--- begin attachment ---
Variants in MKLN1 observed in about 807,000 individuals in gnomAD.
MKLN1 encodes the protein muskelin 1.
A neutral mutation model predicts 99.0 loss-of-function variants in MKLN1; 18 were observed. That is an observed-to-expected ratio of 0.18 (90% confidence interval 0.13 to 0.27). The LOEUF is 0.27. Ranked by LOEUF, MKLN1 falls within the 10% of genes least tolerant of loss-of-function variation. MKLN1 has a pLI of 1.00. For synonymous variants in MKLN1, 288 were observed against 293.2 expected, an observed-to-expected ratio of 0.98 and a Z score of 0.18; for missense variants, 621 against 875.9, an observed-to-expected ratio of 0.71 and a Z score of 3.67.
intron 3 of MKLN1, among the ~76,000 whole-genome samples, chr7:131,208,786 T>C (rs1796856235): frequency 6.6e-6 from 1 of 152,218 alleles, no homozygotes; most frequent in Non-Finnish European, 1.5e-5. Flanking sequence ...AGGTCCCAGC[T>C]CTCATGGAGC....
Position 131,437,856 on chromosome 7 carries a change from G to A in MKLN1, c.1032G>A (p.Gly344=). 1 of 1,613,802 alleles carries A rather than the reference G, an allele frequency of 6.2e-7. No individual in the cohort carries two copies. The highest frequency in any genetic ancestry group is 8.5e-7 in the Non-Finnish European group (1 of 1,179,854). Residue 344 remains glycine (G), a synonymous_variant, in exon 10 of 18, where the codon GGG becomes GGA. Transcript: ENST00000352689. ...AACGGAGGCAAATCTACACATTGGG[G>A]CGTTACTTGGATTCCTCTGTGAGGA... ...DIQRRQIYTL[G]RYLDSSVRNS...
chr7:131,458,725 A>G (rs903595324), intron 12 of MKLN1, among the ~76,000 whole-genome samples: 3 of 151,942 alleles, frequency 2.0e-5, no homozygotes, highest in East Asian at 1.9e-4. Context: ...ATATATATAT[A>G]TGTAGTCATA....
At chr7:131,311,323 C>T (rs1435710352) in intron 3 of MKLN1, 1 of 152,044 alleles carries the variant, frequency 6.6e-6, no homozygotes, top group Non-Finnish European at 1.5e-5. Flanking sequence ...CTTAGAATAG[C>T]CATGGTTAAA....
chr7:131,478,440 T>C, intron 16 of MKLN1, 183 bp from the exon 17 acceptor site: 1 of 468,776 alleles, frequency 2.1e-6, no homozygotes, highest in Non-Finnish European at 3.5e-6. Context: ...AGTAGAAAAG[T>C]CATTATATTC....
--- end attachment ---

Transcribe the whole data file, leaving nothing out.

Variants in MKLN1 observed in about 807,000 individuals in gnomAD.
MKLN1 encodes the protein muskelin 1.
A neutral mutation model predicts 99.0 loss-of-function variants in MKLN1; 18 were observed. That is an observed-to-expected ratio of 0.18 (90% confidence interval 0.13 to 0.27). The LOEUF is 0.27. Ranked by LOEUF, MKLN1 falls within the 10% of genes least tolerant of loss-of-function variation. MKLN1 has a pLI of 1.00. For synonymous variants in MKLN1, 288 were observed against 293.2 expected, an observed-to-expected ratio of 0.98 and a Z score of 0.18; for missense variants, 621 against 875.9, an observed-to-expected ratio of 0.71 and a Z score of 3.67.
intron 3 of MKLN1, among the ~76,000 whole-genome samples, chr7:131,208,786 T>C (rs1796856235): frequency 6.6e-6 from 1 of 152,218 alleles, no homozygotes; most frequent in Non-Finnish European, 1.5e-5. Flanking sequence ...AGGTCCCAGC[T>C]CTCATGGAGC....
Position 131,437,856 on chromosome 7 carries a change from G to A in MKLN1, c.1032G>A (p.Gly344=). 1 of 1,613,802 alleles carries A rather than the reference G, an allele frequency of 6.2e-7. No individual in the cohort carries two copies. The highest frequency in any genetic ancestry group is 8.5e-7 in the Non-Finnish European group (1 of 1,179,854). Residue 344 remains glycine (G), a synonymous_variant, in exon 10 of 18, where the codon GGG becomes GGA. Transcript: ENST00000352689. ...AACGGAGGCAAATCTACACATTGGG[G>A]CGTTACTTGGATTCCTCTGTGAGGA... ...DIQRRQIYTL[G]RYLDSSVRNS...
chr7:131,458,725 A>G (rs903595324), intron 12 of MKLN1, among the ~76,000 whole-genome samples: 3 of 151,942 alleles, frequency 2.0e-5, no homozygotes, highest in East Asian at 1.9e-4. Context: ...ATATATATAT[A>G]TGTAGTCATA....
At chr7:131,311,323 C>T (rs1435710352) in intron 3 of MKLN1, 1 of 152,044 alleles carries the variant, frequency 6.6e-6, no homozygotes, top group Non-Finnish European at 1.5e-5. Flanking sequence ...CTTAGAATAG[C>T]CATGGTTAAA....
chr7:131,478,440 T>C, intron 16 of MKLN1, 183 bp from the exon 17 acceptor site: 1 of 468,776 alleles, frequency 2.1e-6, no homozygotes, highest in Non-Finnish European at 3.5e-6. Context: ...AGTAGAAAAG[T>C]CATTATATTC....